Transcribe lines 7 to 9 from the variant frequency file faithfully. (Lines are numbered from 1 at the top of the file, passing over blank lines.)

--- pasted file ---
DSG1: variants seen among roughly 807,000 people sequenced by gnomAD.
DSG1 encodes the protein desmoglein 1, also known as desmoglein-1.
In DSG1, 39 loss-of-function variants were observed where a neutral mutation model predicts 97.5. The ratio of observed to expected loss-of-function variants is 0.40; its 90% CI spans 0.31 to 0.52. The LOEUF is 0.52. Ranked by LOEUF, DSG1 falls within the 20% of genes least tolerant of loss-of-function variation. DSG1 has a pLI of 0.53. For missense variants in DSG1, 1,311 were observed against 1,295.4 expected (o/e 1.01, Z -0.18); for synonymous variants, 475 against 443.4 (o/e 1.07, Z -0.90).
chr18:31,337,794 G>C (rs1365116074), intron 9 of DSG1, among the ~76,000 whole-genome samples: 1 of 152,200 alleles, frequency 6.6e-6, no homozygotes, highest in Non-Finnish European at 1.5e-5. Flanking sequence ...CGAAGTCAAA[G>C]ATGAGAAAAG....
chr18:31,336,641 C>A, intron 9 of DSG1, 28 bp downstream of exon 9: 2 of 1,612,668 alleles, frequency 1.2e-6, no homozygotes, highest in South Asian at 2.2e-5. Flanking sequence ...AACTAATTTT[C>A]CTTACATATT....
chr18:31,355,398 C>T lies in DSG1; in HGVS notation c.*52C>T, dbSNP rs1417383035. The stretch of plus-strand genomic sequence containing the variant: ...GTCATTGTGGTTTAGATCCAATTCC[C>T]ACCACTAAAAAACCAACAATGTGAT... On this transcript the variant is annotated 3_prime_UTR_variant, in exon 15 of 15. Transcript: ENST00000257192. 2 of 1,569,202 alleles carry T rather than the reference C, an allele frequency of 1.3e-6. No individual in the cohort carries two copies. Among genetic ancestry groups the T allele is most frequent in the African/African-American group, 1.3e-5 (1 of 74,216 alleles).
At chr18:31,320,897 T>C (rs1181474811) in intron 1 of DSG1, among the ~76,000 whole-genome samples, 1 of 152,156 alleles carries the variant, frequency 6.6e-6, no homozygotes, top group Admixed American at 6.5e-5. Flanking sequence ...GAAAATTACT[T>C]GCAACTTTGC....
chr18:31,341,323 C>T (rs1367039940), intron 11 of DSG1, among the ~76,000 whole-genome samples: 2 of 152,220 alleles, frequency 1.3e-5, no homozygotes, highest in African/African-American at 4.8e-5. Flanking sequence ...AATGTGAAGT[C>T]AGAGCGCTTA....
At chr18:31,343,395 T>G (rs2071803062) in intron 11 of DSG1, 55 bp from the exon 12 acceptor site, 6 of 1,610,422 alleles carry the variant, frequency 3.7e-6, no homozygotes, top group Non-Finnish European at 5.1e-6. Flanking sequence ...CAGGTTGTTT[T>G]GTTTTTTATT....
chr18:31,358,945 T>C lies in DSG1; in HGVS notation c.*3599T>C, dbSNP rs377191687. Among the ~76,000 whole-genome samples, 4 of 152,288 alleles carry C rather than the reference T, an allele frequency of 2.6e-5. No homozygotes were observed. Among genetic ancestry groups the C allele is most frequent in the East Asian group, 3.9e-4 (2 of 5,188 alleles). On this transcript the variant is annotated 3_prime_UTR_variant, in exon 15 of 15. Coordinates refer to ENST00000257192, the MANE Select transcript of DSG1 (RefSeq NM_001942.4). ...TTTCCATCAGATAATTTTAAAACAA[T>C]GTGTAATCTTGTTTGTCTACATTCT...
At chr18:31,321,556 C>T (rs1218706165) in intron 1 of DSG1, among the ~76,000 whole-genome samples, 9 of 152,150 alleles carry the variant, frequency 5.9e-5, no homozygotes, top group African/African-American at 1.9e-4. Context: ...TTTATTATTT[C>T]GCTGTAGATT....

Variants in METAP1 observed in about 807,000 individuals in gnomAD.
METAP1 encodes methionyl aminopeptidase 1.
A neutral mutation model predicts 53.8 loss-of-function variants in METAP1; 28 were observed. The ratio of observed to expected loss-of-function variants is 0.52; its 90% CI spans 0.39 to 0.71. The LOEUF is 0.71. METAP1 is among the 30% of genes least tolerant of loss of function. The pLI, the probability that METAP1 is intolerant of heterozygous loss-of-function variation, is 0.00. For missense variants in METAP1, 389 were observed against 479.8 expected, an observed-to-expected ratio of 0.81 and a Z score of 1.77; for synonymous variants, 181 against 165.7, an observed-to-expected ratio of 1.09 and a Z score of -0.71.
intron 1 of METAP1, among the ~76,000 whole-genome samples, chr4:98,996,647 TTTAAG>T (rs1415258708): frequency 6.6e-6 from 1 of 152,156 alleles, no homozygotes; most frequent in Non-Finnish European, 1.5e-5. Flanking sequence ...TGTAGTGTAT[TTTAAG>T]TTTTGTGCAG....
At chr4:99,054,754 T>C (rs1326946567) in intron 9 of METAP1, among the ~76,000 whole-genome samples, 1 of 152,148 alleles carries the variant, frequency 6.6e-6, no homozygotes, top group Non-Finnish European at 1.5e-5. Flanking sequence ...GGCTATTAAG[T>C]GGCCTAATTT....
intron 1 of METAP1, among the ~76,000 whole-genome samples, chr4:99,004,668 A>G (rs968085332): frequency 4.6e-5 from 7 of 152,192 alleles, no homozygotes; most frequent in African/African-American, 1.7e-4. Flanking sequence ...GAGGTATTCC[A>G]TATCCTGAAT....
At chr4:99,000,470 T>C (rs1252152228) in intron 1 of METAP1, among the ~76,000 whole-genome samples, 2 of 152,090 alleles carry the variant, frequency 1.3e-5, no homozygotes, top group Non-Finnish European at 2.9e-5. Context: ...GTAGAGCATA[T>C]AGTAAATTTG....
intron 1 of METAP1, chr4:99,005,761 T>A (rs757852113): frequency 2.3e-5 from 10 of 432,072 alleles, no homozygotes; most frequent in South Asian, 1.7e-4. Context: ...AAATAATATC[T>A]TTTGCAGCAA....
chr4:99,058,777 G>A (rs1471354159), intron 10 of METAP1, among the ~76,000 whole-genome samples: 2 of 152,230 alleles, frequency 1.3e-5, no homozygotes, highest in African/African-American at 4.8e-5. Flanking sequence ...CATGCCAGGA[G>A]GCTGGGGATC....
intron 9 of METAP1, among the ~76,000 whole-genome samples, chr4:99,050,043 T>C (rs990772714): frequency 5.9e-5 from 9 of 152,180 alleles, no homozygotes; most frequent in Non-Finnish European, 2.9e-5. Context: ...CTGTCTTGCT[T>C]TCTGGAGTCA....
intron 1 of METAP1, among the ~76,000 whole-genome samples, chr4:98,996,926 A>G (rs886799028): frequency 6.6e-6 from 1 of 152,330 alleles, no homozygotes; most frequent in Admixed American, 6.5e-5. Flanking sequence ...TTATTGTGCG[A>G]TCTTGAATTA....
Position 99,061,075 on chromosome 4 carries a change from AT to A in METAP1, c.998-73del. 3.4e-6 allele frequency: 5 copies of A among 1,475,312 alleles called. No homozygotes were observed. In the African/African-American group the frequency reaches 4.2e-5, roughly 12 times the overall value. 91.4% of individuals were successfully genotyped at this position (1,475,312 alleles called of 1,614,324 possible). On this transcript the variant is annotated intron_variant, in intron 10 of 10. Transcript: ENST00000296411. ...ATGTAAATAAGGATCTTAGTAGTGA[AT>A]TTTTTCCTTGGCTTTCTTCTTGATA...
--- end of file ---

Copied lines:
At chr18:31,320,897 T>C (rs1181474811) in intron 1 of DSG1, among the ~76,000 whole-genome samples, 1 of 152,156 alleles carries the variant, frequency 6.6e-6, no homozygotes, top group Admixed American at 6.5e-5. Flanking sequence ...GAAAATTACT[T>C]GCAACTTTGC....
chr18:31,341,323 C>T (rs1367039940), intron 11 of DSG1, among the ~76,000 whole-genome samples: 2 of 152,220 alleles, frequency 1.3e-5, no homozygotes, highest in African/African-American at 4.8e-5. Flanking sequence ...AATGTGAAGT[C>T]AGAGCGCTTA....
At chr18:31,343,395 T>G (rs2071803062) in intron 11 of DSG1, 55 bp from the exon 12 acceptor site, 6 of 1,610,422 alleles carry the variant, frequency 3.7e-6, no homozygotes, top group Non-Finnish European at 5.1e-6. Flanking sequence ...CAGGTTGTTT[T>G]GTTTTTTATT....